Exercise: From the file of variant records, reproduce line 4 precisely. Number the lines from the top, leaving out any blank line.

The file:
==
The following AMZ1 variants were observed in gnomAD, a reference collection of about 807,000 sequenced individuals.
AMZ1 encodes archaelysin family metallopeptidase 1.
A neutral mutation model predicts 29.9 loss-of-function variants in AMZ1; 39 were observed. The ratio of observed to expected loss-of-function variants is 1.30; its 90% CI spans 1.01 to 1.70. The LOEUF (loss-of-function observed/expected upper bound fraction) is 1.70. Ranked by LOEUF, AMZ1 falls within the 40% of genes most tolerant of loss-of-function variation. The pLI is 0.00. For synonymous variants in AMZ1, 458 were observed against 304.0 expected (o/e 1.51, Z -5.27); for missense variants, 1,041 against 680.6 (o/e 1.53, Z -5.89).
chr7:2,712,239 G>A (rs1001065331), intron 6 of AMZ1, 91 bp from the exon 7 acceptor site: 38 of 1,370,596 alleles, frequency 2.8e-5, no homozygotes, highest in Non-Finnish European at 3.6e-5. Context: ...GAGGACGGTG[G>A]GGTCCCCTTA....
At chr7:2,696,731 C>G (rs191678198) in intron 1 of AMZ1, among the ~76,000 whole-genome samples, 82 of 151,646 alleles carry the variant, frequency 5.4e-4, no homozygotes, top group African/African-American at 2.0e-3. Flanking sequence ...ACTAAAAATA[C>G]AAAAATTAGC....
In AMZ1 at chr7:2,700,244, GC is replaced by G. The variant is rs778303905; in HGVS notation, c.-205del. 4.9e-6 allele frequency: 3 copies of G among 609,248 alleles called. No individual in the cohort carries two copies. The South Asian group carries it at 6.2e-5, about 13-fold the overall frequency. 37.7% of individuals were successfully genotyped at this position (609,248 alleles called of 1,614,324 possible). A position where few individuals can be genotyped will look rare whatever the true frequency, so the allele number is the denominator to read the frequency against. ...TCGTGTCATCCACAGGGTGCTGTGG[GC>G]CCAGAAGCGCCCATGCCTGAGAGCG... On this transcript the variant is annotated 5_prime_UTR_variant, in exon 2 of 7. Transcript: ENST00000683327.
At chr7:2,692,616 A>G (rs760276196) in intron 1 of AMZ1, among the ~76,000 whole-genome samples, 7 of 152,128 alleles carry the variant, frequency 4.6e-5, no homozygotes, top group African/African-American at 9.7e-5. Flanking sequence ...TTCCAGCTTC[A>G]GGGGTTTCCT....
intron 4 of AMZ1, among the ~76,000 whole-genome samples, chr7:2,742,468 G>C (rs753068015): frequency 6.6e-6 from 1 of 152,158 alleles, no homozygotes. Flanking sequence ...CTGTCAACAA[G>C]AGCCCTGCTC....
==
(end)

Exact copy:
chr7:2,712,239 G>A (rs1001065331), intron 6 of AMZ1, 91 bp from the exon 7 acceptor site: 38 of 1,370,596 alleles, frequency 2.8e-5, no homozygotes, highest in Non-Finnish European at 3.6e-5. Context: ...GAGGACGGTG[G>A]GGTCCCCTTA....